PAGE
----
OSPF Link-Local Signaling
Author(s): B. Friedman, A. Zinin, A. Roy, L. Nguyen, D. Yeung
OSPF is a link-state intra-domain routing protocol. OSPF routers exchange information on a link using packets that follow a well-defined fixed format. The format is not flexible enough to enable new features that need to exchange arbitrary data. This...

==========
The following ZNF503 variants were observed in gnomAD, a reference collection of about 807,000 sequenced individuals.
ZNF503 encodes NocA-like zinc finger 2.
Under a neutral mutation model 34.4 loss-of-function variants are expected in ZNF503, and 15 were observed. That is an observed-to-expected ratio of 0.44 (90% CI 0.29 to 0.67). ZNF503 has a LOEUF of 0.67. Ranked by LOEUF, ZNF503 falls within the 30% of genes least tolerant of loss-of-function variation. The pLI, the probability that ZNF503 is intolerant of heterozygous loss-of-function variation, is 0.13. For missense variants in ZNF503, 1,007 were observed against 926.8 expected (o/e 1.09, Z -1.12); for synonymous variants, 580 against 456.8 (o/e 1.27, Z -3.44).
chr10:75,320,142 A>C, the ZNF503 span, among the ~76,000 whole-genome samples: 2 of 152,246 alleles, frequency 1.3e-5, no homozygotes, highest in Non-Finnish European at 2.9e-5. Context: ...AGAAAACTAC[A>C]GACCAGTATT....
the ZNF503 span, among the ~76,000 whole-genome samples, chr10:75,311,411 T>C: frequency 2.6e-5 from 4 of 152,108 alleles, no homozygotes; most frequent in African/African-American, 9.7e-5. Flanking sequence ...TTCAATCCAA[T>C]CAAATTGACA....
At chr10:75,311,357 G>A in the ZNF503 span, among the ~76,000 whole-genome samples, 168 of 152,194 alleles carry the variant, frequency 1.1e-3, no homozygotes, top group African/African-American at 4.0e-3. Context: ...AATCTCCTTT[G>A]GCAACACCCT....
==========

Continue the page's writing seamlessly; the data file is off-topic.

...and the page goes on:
Network Working Group A. Zinin Request for Comments: 5613 Alcatel-Lucent Obsoletes: 4813 A. Roy Category: Standards Track L. Nguyen Cisco Systems B. Friedman Google, Inc. D. Yeung Cisco Systems August 2009 OSPF Link-Local Signaling Abstract OSPF is a link-state intra-domain routing protocol. OSPF routers exchange information on a link using packets that follow a well- defined fixed format. The format is not flexible enough to enable new features that need to exchange arbitrary data. This document describes a backward-compatible technique to perform link-local signaling, i.e., exchange arbitrary data on a link. This document replaces the experimental specification published in RFC4813 to bring it on the Standards Track. Status of This Memo This document specifies an Internet standards track protocol for the Internet community, and requests discussion and suggestions for improvements. Please refer to the current edition of the "Internet Official Protocol Standards" (STD 1) for the standardization state and status of this protocol. Distribution of this memo is unlimited. Copyright Notice Copyright (c) 2009 IETF Trust and the persons identified as the document authors. All rights reserved. This document is subject to BCP 78 and the IETF Trust's Legal Provisions Relating to IETF Documents in effect on the date of publication of this document (http://trustee.ietf.org/license-info). Please review these documents carefully, as they describe your rights and restrictions with respect to this document. Zinin, et al. Standards Track [Page 1] RFC 5613 OSPF Link-Local Signaling August 2009 Table of Contents 1. Introduction . . . . . . . . . . . . . . . . . . . . . . . . . 2 1.1. Requirements Notation . . . . . . . . . . . . . . . . . . 2 2. Proposed Solution . . . . . . . . . . . . . . . . . . . . . . 3 2.1. L-Bit in Options Field . . . . . . . . . . . . . . . . . . 4 2.2. LLS Data Block . . . . . . . . . . . . . . . . . . . . . . 4 2.3. LLS TLVs . . . . . . . . . . . . . . . . . . . . . . . . . 5 2.4. Extended Options and Flags TLV . . . . . . . . . . . . . . 5 2.5. Cryptographic Authentication TLV (OSPFv2 ONLY) . . . . . . 6 2.6. Private TLVs . . . . . . . . . . . . . . . . . . . . . . . 7 3. IANA Considerations . . . . . . . . . . . . . . . . . . . . . 7 4. Compatibility Issues . . . . . . . . . . . . . . . . . . . . . 9 5. Security Considerations . . . . . . . . . . . . . . . . . . . 9 6. References . . . . . . . . . . . . . . . . . . . . . . . . . . 9 6.1. Normative References . . . . . . . . . . . . . . . . . . . 9 6.2. Informative References . . . . . . . . . . . . . . . . . . 10 Appendix A. Acknowledgements . . . . . . . . . . . . . . . . . . 11 Appendix B. Changes from RFC4813 . . . . . . . . . . . . . . . . 11 1. Introduction This document describes an extension to OSPFv2 [OSPFV2] and OSPFv3 [OSPFV3] allowing additional information to be exchanged between routers on the same link. OSPFv2 and OSPFv3 packet formats are fixed and do not allow for extension. This document proposes appending an optional data block composed of Type/Length/Value (TLV) triplets to existing OSPFv2 and OSPFv3 packets to carry this additional information. Throughout this document, OSPF will be used when the specification is applicable to both OSPFv2 and OSPFv3. Similarly, OSPFv2 or OSPFv3 will be used when the text is protocol specific. One potential way of solving this task could be introducing a new packet type. However, that would mean introducing extra packets on the network that may not be desirable and may cause backward compatibility issues. This document describes how to exchange data using standard OSPF packet types. 1.1. Requirements Notation The key words "MUST", "MUST NOT", "REQUIRED", "SHALL", "SHALL NOT", "SHOULD", "SHOULD NOT", "RECOMMENDED", "MAY", and "OPTIONAL" in this document are to be interpreted as described in [KEY]. Zinin, et al. Standards Track [Page 2] RFC 5613 OSPF Link-Local Signaling August 2009 2. Proposed Solution To perform link-local signaling (LLS), OSPF routers add a special data block to the end of OSPF packets or right after the authentication data block when cryptographic authentication is used. The length of the LLS block is not included into the length of the OSPF packet, but is included in the IPv4/IPv6 packet length. Figure 1 illustrates how the LLS data block is attached. +---------------------+ -- -- +---------------------+ | IP Header | ^ ^ | IPv6 Header | | Length = HL+X+Y+Z | | Header Length | | Length = HL+X+Y | | | v v | | +---------------------+ -- -- +---------------------+ | OSPF Header | ^ ^ | OSPFv3 Header | | Length = X | | | | Length = X | |.....................| | X | X |.....................| | | | | | | | OSPFv2 Data | | | | OSPFv3 Data | | | v v | | +---------------------+ -- -- +---------------------+ | | ^ ^ | | | Authentication Data | | Y | Y | LLS Data | | | v v | | +---------------------+ -- -- +---------------------+ | | ^ | LLS Data | | Z | | v +---------------------+ -- Figure 1: LLS Data Block in OSPFv2 and OSPFv3 The LLS block MAY be attached to OSPF Hello and Database Description (DD) packets. The LLS block MUST NOT be attached to any other OSPF packet types on generation and MUST be ignored on reception. The data included in the LLS block attached to a Hello packet MAY be used for dynamic signaling since Hello packets may be sent at any time. However, delivery of LLS data in Hello packets is not guaranteed. The data sent with DD packets is guaranteed to be delivered as part of the adjacency forming process. This document does not specify how the data transmitted by the LLS mechanism should be interpreted by OSPF routers. As routers that do not understand LLS may receive these packets, changes made due to LLS block TLV's do not affect the basic routing when interacting with non-LLS routers. Zinin, et al. Standards Track [Page 3] RFC 5613 OSPF Link-Local Signaling August 2009 2.1. L-Bit in Options Field A new L-bit (L stands for LLS) is introduced into the OSPF Options field (see Figures 2a and 2b). Routers set the L-bit in Hello and DD packets to indicate that the packet contains an LLS data block. In other words, the LLS data block is only examined if the L-bit is set. +---+---+---+---+---+---+---+---+ | * | O | DC| L |N/P| MC| E | * | +---+---+---+---+---+---+---+-+-+ Figure 2a: OSPFv2 Options Field 0 1 2 0 1 2 3 4 5 6 7 8 9 0 1 2 3 4 5 6 7 8 9 0 1 2 3 +-+-+-+-+-+-+-+-+-+-+-+-+-+-+-+--+-+-+--+--+--+--+--+--+ | | | | | | | | | | | | | | |L|AF|*|*|DC| R| N|MC| E|V6| +-+-+-+-+-+-+-+-+-+-+-+-+-+-+-+--+-+-+--+--+--+--+--+--+ Figure 2b: OSPFv3 Options Field The L-bit MUST NOT be set except in Hello and DD packets that contain an LLS block. 2.2. LLS Data Block The data block used for link-local signaling is formatted as described below (see Figure 3 for illustration). 0 1 2 3 0 1 2 3 4 5 6 7 8 9 0 1 2 3 4 5 6 7 8 9 0 1 2 3 4 5 6 7 8 9 0 1 +-+-+-+-+-+-+-+-+-+-+-+-+-+-+-+-+-+-+-+-+-+-+-+-+-+-+-+-+-+-+-+-+ | Checksum | LLS Data Length | +-+-+-+-+-+-+-+-+-+-+-+-+-+-+-+-+-+-+-+-+-+-+-+-+-+-+-+-+-+-+-+-+ | | | LLS TLVs | . . . . . . +-+-+-+-+-+-+-+-+-+-+-+-+-+-+-+-+-+-+-+-+-+-+-+-+-+-+-+-+-+-+-+-+ Figure 3: Format of LLS Data Block The Checksum field contains the standard IP checksum for the entire contents of the LLS block. Before computing the checksum, the checksum field is set to 0. If the checksum is incorrect, the OSPF packet MUST be processed, but the LLS block MUST be discarded. Zinin, et al. Standards Track [Page 4] RFC 5613 OSPF Link-Local Signaling August 2009 The 16-bit LLS Data Length field contains the length (in 32-bit words) of the LLS block including the header and payload. Note that if the OSPF packet is cryptographically authenticated, the LLS data block MUST also be cryptographically authenticated. In this case, the regular LLS checksum is not calculated, but is instead set to 0. The rest of the block contains a set of Type/Length/Value (TLV) triplets as described in Section 2.3. All TLVs MUST be 32-bit aligned (with padding if necessary). 2.3. LLS TLVs The contents of an LLS data block are constructed using TLVs. See Figure 4 for the TLV format. The Type field contains the TLV ID, which is unique for each type of TLV. The Length field contains the length of the Value field (in bytes). The Value field is variable and contains arbitrary data. 0 1 2 3 0 1 2 3 4 5 6 7 8 9 0 1 2 3 4 5 6 7 8 9 0 1 2 3 4 5 6 7 8 9 0 1 +-+-+-+-+-+-+-+-+-+-+-+-+-+-+-+-+-+-+-+-+-+-+-+-+-+-+-+-+-+-+-+-+ | Type | Length | +-+-+-+-+-+-+-+-+-+-+-+-+-+-+-+-+-+-+-+-+-+-+-+-+-+-+-+-+-+-+-+-+ | | . . . Value . . . +-+-+-+-+-+-+-+-+-+-+-+-+-+-+-+-+-+-+-+-+-+-+-+-+-+-+-+-+-+-+-+-+ Figure 4: Format of LLS TLVs Note that TLVs are always padded to a 32-bit boundary, but padding bytes are not included in the TLV Length field (though they are included in the LLS Data Length field in the LLS block header). Unrecognized TLV types are ignored. 2.4. Extended Options and Flags TLV This subsection describes a TLV called the Extended Options and Flags (EOF) TLV. The format of the EOF-TLV is shown in Figure 5. Bits in the Value field do not have any semantics from the point of view of the LLS mechanism. Bits MAY be allocated to announce OSPF link-local capabilities. Bits MAY also be allocated to perform boolean link-local signaling. Zinin, et al. Standards Track [Page 5] RFC 5613 OSPF Link-Local Signaling August 2009 The length of the Value field in the EOF-TLV is 4 bytes. The value of the Type field in the EOF-TLV is 1. The EOF-TLV MUST only appear once in the LLS data block. 0 1 2 3 0 1 2 3 4 5 6 7 8 9 0 1 2 3 4 5 6 7 8 9 0 1 2 3 4 5 6 7 8 9 0 1 +-+-+-+-+-+-+-+-+-+-+-+-+-+-+-+-+-+-+-+-+-+-+-+-+-+-+-+-+-+-+-+-+ | 1 | 4 | +-+-+-+-+-+-+-+-+-+-+-+-+-+-+-+-+-+-+-+-+-+-+-+-+-+-+-+-+-+-+-+-+ | Extended Options and Flags | +-+-+-+-+-+-+-+-+-+-+-+-+-+-+-+-+-+-+-+-+-+-+-+-+-+-+-+-+-+-+-+-+ Figure 5: Format of the EOF-TLV Currently, [OOB] and [RESTART] use bits in the Extended Options field of the EOF-TLV. The Extended Options and Flags bits are defined in Section 3. 2.5. Cryptographic Authentication TLV (OSPFv2 ONLY) This document defines a special TLV that is used for cryptographic authentication (CA-TLV) of the LLS data block. This TLV MUST only be included in the LLS block when cryptographic authentication is enabled on the corresponding interface. The message digest of the LLS block MUST be calculated using the same key and authentication algorithm as used for the OSPFv2 packet. The cryptographic sequence number is included in the TLV and MUST be the same as the one in the OSPFv2 authentication data for the LLS block to be considered authentic. The TLV is constructed as shown in Figure 6. 0 1 2 3 0 1 2 3 4 5 6 7 8 9 0 1 2 3 4 5 6 7 8 9 0 1 2 3 4 5 6 7 8 9 0 1 +-+-+-+-+-+-+-+-+-+-+-+-+-+-+-+-+-+-+-+-+-+-+-+-+-+-+-+-+-+-+-+-+ | 2 | AuthLen | +-+-+-+-+-+-+-+-+-+-+-+-+-+-+-+-+-+-+-+-+-+-+-+-+-+-+-+-+-+-+-+-+ | Sequence Number | +-+-+-+-+-+-+-+-+-+-+-+-+-+-+-+-+-+-+-+-+-+-+-+-+-+-+-+-+-+-+-+-+ | | . . . AuthData . . . +-+-+-+-+-+-+-+-+-+-+-+-+-+-+-+-+-+-+-+-+-+-+-+-+-+-+-+-+-+-+-+-+ Figure 6: Format of Cryptographic Authentication TLV Zinin, et al. Standards Track [Page 6] RFC 5613 OSPF Link-Local Signaling August 2009 The value of the Type field for the CA-TLV is 2. The Length field in the header contains the length of the data portion of the TLV including 4 bytes for Sequence Number and the length of the message digest block for the whole LLS block in bytes. The Sequence Number field contains the cryptographic sequence number that is used to prevent simple replay attacks. For the LLS block to be considered authentic, the Sequence Number in the CA-TLV MUST match the Sequence Number in the OSPFv2 packet header Authentication field (which MUST be present). In the event of Sequence Number mismatch or Authentication failure, the whole LLS block MUST be ignored. The CA-TLV MUST NOT appear more than once in the LLS block. Also, when present, this TLV MUST be the last TLV in the LLS block. If it appears more than once, only the first occurrence is processed and any others MUST be ignored. The AuthData field contains the message digest calculated for the LLS data block up to the CA-TLV AuthData field (i.e., excludes the CA-TLV AuthData). The CA-TLV is not applicable to OSPFv3 and it MUST NOT be added to any OSPFv3 packet. If found on reception, this TLV MUST be ignored. 2.6. Private TLVs LLS type values in the range of 32768-65536 are reserved for private use. The first four octets of the Value field MUST be the private enterprise code [ENTNUM]. This allows multiple vendor private extensions to coexist in a network. 3. IANA Considerations This document uses the registry that was originally created in [RFC4813]. IANA updated the following registry to point to this document instead: o "Open Shortest Path First (OSPF) Link-Local Signalling (LLS) - Type/Length/Value Identifiers (TLV)" IANA allocated L-bit in the "OSPFv2 Options Registry" and "OSPFv3 Options Registry" as per Section 2.1. LLS TLV types are maintained by the IANA. Extensions to OSPF that require a new LLS TLV type MUST be reviewed by a Designated Expert from the routing area. Zinin, et al. Standards Track [Page 7] RFC 5613 OSPF Link-Local Signaling August 2009 The criteria for allocating LLS TLVs are: o LLS should not be used for information that would be better suited to be advertised in a link-local link state advertisement (LSA). o LLS should be confined to signaling between direct neighbors. o Discretion should be used in the volume of information signaled using LLS due to the obvious MTU and performance implications. Following the policies outlined in [IANA], LLS type values in the range of 0-32767 are allocated through an IETF Review and LLS type values in the range of 32768-65535 are reserved for private use. This document assigns the following LLS TLV types in OSPFv2/OSPFv3. TLV Type Name Reference 0 Reserved 1 Extended Options and Flags [RFC5613] 2 Cryptographic Authentication+ [RFC5613] 3-32767 Reserved for assignment by the IANA 32768-65535 Private Use + Cryptographic Authentication TLV is only defined for OSPFv2 IANA renamed the sub-registry from "LLS Type 1 Extended Options" to "LLS Type 1 Extended Options and Flags". This document also assigns the following bits in the EOF-TLV outlined in Section 2.5: Bit Name Reference 0x00000001 LSDB Resynchronization (LR) [RFC4811] 0x00000002 Restart Signal (RS-bit) [RFC4812] Future allocation of Extended Options and Flags bits MUST be reviewed by a Designated Expert from the routing area. Zinin, et al. Standards Track [Page 8] RFC 5613 OSPF Link-Local Signaling August 2009 4. Compatibility Issues The modifications to OSPF packet formats are compatible with standard OSPF since OSPF routers not supporting LLS will ignore the LLS data block after the OSPF packet or cryptographic message digest. As of this writing, there are implementations deployed with [RFC4813]- compliant software. Routers not implementing [RFC4813] ignore the LLS data at the end of the OSPF packet. Careful consideration should be given to carrying additional LLS data, as it may affect the OSPF adjacency bring-up time due to additional propagation delay and/or processing time. 5. Security Considerations Security considerations inherited from OSPFv2 are described in [OSPFV2]. This technique provides the same level of security as the basic OSPFv2 protocol by allowing LLS data to be authenticated using the same cryptographic authentication that OSPFv2 uses (see Section 2.5 for more details). Security considerations inherited from OSPFv3 are described in [OSPFV3] and [OSPFV3AUTH]. OSPFv3 utilizes IPsec for authentication and encryption. With IPsec, the AH (Authentication Header), ESP (Encapsulating Security Payload), or both are applied to the entire OSPFv3 payload including the LLS block. 6. References 6.1. Normative References [IANA] Narten, T. and H. Alvestrand, "Guidelines for Writing an IANA Considerations Section in RFCs", BCP 26, RFC 5226, May 2008. [KEY] Bradner, S., "Key words for use in RFCs to Indicate Requirement Levels", BCP 14, RFC 2119, March 1997. [OSPFV2] Moy, J., "OSPF Version 2", STD 54, RFC 2328, April 1998. [OSPFV3] Coltun, R., Ferguson, D., Moy, J., and A. Lindem, "OSPF for IPv6", RFC5340, July 2008. [OSPFV3AUTH] Gupta, M. and N. Melam, "Authentication/Confidentiality for OSPFv3", RFC 4552, June 2006. Zinin, et al. Standards Track [Page 9] RFC 5613 OSPF Link-Local Signaling August 2009 6.2. Informative References [ENTNUM] IANA, "PRIVATE ENTERPRISE NUMBERS", http://www.iana.org. [OOB] Nguyen, L., Roy, A., and A. Zinin, "OSPF Out-of-Band Link State Database (LSDB) Resynchronization", RFC4811, March 2007. [RESTART] Nguyen, L., Roy, A., and A. Zinin, "OSPF Restart Signaling", RFC4812, March 2007. [RFC4813] Friedman, B., Nguyen, L., Roy, A., Yeung, D., and A. Zinin, "OSPF Link-Local Signaling", RFC4813, March 2007. Zinin, et al. Standards Track [Page 10] RFC 5613 OSPF Link-Local Signaling August 2009 Appendix A. Acknowledgements The authors would like to acknowledge Russ White, Acee Lindem, and Manral Vishwas for their review of this document. Appendix B. Changes from RFC4813 This section describes the substantive change from [RFC4813]. o Added OSPFv3 support o Private TLVs MUST use private enterprise code o Clarified requirement levels at several places o Changed from Experimental to Standards Track Zinin, et al. Standards Track [Page 11] RFC 5613 OSPF Link-Local Signaling August 2009 Authors' Addresses Alex Zinin Alcatel-Lucent Singapore EMail: firstname.lastname@example.org Abhay Roy Cisco Systems 170 West Tasman Drive San Jose, CA 95134 USA EMail: email@example.com Liem Nguyen Cisco Systems 170 West Tasman Drive San Jose, CA 95134 USA EMail: firstname.lastname@example.org Barry Friedman Google, Inc. 1600 Amphitheatre Parkway Mountain View, CA 94043 USA EMail: email@example.com Derek Yeung Cisco Systems 170 West Tasman Drive San Jose, CA 95134 USA EMail: firstname.lastname@example.org Zinin, et al. Standards Track [Page 12]